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Finally, January is here, and renewed hope is amongst us, wishing that this new year will be much better than the year we are just leaving behind. For many of us, 2020 cannot be compared to anything and it has been a major milestone in our lives, so by default 2021 will be better. The question remains though…will it be better?

The optimist in me says yes!!! After such assault the pandemic did to many of us – many of us have been robbed of something – I’m pretty sure we have learned a thing or two.

We have learned to adapt and to live with our families, accepting them just as they are without ifs and buts. We have learned to look ourselves in the mirror and recognise ourselves just as we are. I am certain that no one can say that they did not go from grief to disbelief and from anger to disheartening in a blink of an eye.

We will be able to say that we came out the other end with a sense of renewal and new strategies…I am wondering if we all can admit that this adaptation to the new reality left us exhausted. One way or the other during 2020 we discovered the little inner genie in us and taught us to recreate and reinvent ourselves.

I am hopeful this reinvention, this recreation will have a positive impact in children. We must agree that whilst we were all locked indoors, we were an example and children learn from examples (that’s the reason why “Do as I say but not as I do” never EVER work).

Hopefully children will be stronger and will face live challenges in a different way, because, hopefully, they will realise they have an inner little genie which can help them to get to grips with whatever life throws at them. The children of today are the adults who will have a solid set of moral values, which in turn will give them power to manage unexpected situations thanks to their abilities; the decisions they may take are a direct result of this new conscience.

I am hoping these adults will have a sense of community and solidarity towards other people wherever they may live.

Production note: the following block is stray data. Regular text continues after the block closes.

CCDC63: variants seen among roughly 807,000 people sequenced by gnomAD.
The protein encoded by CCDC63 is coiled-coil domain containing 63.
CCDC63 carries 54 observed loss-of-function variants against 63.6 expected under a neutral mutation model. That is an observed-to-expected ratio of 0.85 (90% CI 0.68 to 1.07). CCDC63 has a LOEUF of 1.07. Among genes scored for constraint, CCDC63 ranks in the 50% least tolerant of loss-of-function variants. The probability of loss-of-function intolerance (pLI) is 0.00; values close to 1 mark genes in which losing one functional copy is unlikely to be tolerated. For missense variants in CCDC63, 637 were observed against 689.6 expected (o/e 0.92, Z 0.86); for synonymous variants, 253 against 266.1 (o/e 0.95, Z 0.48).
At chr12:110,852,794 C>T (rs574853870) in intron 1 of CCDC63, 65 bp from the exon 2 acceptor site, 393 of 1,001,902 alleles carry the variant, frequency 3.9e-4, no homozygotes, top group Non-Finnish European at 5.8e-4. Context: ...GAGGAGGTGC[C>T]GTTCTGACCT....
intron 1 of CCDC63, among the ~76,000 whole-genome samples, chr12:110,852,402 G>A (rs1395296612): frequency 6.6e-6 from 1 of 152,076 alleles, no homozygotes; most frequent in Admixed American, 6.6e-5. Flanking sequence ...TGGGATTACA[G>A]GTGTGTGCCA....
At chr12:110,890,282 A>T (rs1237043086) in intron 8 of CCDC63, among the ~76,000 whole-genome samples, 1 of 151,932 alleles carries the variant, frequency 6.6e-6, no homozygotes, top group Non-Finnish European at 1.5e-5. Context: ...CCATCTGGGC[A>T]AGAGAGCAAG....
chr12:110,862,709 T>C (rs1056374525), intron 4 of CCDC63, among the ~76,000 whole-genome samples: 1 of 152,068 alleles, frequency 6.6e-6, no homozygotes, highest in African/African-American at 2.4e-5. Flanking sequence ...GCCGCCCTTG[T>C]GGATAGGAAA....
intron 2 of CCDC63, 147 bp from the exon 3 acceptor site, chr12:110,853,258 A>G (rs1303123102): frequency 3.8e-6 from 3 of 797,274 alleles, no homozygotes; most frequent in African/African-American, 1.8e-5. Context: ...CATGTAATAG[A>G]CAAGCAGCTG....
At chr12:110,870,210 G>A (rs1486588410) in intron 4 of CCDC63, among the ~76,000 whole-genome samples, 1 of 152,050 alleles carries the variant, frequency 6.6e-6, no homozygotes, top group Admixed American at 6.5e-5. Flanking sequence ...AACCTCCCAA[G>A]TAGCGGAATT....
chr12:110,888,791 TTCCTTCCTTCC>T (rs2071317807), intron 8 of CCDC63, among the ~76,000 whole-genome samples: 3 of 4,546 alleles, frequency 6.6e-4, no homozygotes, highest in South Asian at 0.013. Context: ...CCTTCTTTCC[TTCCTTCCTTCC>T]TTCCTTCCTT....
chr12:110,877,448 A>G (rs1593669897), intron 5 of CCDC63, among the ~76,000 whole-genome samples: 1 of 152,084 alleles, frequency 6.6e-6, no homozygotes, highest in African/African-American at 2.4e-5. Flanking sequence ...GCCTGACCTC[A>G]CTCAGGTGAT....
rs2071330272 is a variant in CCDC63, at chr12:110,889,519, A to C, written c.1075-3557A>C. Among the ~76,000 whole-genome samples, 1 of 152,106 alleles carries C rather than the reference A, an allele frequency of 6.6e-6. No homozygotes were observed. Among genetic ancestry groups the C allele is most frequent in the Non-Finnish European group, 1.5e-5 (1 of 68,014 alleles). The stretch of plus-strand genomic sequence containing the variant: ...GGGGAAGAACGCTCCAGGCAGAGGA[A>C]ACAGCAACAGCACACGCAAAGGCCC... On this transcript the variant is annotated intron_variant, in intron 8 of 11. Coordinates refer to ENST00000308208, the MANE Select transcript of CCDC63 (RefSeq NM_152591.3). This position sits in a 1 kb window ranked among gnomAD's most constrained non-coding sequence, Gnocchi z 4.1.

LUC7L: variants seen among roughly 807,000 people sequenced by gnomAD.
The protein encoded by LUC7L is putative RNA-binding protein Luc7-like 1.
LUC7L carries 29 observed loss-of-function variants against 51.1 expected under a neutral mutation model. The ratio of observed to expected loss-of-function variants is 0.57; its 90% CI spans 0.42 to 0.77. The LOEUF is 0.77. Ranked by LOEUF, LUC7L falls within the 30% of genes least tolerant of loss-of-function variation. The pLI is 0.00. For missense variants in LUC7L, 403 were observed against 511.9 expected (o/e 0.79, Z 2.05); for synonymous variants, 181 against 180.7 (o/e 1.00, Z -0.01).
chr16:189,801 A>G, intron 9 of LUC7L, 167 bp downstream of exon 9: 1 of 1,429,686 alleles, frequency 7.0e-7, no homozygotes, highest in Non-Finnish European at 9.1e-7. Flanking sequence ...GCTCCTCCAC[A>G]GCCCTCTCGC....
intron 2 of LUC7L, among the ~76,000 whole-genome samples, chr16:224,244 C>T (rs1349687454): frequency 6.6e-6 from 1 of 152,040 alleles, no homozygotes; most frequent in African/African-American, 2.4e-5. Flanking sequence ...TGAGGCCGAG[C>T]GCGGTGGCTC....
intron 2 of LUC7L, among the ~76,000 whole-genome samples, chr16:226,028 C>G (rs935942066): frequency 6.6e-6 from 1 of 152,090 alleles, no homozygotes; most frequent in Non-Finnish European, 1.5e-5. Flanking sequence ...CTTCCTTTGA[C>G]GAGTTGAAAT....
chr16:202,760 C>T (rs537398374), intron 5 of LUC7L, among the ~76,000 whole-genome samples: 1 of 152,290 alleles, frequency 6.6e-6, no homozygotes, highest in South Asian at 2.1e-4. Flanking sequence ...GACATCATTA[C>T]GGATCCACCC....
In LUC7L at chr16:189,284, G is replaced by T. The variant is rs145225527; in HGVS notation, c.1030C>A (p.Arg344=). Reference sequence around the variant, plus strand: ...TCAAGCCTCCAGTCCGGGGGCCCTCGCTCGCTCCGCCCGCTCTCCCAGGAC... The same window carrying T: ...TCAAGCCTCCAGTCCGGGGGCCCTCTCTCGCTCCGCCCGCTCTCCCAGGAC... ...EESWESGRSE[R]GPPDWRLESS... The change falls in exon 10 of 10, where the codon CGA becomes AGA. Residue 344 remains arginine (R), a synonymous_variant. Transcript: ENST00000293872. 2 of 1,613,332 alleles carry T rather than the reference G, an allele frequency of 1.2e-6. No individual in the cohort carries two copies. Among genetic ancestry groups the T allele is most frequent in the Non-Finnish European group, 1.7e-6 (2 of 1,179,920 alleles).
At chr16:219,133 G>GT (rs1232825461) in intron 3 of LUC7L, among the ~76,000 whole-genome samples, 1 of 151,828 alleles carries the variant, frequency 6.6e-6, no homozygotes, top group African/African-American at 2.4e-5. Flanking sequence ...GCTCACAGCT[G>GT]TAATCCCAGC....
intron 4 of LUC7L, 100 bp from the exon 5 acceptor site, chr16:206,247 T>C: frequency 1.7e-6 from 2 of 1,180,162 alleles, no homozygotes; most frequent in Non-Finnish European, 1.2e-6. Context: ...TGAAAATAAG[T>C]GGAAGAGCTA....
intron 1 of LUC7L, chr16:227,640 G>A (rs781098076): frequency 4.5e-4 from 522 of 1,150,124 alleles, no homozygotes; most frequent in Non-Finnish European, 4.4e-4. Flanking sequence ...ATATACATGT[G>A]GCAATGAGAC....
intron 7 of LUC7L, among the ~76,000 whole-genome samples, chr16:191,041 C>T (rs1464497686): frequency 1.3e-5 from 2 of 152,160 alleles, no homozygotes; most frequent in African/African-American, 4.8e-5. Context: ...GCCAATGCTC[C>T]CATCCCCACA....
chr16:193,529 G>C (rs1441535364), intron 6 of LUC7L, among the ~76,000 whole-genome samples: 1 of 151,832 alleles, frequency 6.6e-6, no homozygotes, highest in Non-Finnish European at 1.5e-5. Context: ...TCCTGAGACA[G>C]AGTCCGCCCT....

For those who did the “End of Year Balance” and left aside some pending, some write offs and decided to just turn the page to a fresh start rest assured you are transferring some intangible balance: Resilience.

As I said before, I am an optimist at heart.


Y finalmente llegó Enero y las ilusiones se renuevan de que este año será mejor que el anterior. Para muchos el año que hemos dejado atrás no tiene punto de comparación ya que seguramente ha sido un hito en nuestras vidas así que seguramente será mucho mejor. La pregunta redundante es… ¿Será mejor?

 Mi lado optimista me dice que sí. Que será mejor ya que después de este asalto que nos ha hecho la pandemia – donde a todos sin excepción nos ha robado algo – seguramente hemos aprendido algo.

Habremos aprendido a adaptarnos a estar con nuestras familias y otras personas con las cuales convivimos tal y como vienen, sin peros ni vueltas. Habremos aprendido a mirarnos al espejo y reconocernos tal y como somos.  No creo que nadie pueda decir que no pasó del dolor a la incredulidad y de la rabia a la desazón en pocos minutos.  Todos podremos decir que hemos salido renovados, con nuevas estrategias …me pregunto si todos podremos admitir que esta adaptación a la realidad nos ha dejado desgastados.

Este año en mayor o menor medida todos hemos descubierto al genio creativo que llevamos dentro, que ha dicho presente a la hora de recrearnos, de reinventarnos.

Me ilusiona pensar que esta reinvención, recreación será transmitida a los mas pequeños. Convengamos que mientras estuvimos todos encerrados hemos dado el ejemplo y a través de este es como los niños aprenden (por eso el Haz lo que yo digo, pero no lo que yo hago NUNCA funciona)

Los niños saldrán fortalecidos y encararán la vida de otra forma. Se darán cuenta de la genialidad que llevan consigo y sus capacidades para enfrentar cualquier situación que la vida les presente, que no es poco. Estos niños de hoy son los que serán adultos con un conjunto de valores morales sólidos, que a su vez les dará una sensación de poder manejar una situación inesperada gracias a sus propias habilidades y las decisiones que tomen serán un resultado directo de esta conciencia.

Con un poco de suerte serán adultos que tengan un sentido de comunidad, de solidaridad hacia los que le rodean y la comunidad en general en donde les toque habitar.